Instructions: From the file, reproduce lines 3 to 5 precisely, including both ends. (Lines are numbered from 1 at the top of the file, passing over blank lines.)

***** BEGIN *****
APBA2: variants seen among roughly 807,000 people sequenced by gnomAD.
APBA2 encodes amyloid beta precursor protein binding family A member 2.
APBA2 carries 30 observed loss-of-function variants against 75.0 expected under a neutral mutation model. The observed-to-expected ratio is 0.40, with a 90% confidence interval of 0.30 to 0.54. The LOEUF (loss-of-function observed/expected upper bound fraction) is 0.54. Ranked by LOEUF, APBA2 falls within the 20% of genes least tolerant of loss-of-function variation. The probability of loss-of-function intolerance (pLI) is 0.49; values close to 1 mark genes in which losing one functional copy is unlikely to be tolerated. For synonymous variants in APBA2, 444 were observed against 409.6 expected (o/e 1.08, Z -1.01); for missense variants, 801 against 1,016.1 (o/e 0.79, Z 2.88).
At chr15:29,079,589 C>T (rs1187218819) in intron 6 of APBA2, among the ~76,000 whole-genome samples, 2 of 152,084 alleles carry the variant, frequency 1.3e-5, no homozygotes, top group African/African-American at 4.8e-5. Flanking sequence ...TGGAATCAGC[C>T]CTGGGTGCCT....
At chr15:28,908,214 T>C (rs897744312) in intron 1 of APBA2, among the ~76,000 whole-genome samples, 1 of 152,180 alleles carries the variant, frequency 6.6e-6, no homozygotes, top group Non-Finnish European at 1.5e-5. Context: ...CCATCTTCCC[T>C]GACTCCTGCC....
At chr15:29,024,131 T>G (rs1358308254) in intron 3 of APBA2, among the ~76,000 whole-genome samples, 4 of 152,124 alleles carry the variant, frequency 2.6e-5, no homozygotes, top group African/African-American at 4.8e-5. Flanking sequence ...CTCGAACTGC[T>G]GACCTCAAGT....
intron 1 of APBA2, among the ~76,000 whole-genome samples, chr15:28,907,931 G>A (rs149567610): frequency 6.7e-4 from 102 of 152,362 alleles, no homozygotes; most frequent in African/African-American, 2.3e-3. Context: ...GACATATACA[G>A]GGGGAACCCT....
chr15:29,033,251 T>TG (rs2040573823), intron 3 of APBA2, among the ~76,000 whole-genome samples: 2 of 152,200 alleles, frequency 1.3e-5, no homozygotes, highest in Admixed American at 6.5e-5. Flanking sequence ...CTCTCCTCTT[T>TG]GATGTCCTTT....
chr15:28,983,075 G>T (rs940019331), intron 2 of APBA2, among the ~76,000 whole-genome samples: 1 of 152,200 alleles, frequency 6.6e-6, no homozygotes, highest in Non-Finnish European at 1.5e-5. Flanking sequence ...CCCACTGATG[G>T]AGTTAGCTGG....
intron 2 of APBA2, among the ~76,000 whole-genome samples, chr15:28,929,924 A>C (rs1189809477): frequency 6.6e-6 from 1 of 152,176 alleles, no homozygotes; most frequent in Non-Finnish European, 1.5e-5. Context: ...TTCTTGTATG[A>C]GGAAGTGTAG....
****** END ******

APBA2 carries 30 observed loss-of-function variants against 75.0 expected under a neutral mutation model. The observed-to-expected ratio is 0.40, with a 90% confidence interval of 0.30 to 0.54. The LOEUF (loss-of-function observed/expected upper bound fraction) is 0.54. Ranked by LOEUF, APBA2 falls within the 20% of genes least tolerant of loss-of-function variation. The probability of loss-of-function intolerance (pLI) is 0.49; values close to 1 mark genes in which losing one functional copy is unlikely to be tolerated. For synonymous variants in APBA2, 444 were observed against 409.6 expected (o/e 1.08, Z -1.01); for missense variants, 801 against 1,016.1 (o/e 0.79, Z 2.88).
At chr15:29,079,589 C>T (rs1187218819) in intron 6 of APBA2, among the ~76,000 whole-genome samples, 2 of 152,084 alleles carry the variant, frequency 1.3e-5, no homozygotes, top group African/African-American at 4.8e-5. Flanking sequence ...TGGAATCAGC[C>T]CTGGGTGCCT....
At chr15:28,908,214 T>C (rs897744312) in intron 1 of APBA2, among the ~76,000 whole-genome samples, 1 of 152,180 alleles carries the variant, frequency 6.6e-6, no homozygotes, top group Non-Finnish European at 1.5e-5. Context: ...CCATCTTCCC[T>C]GACTCCTGCC....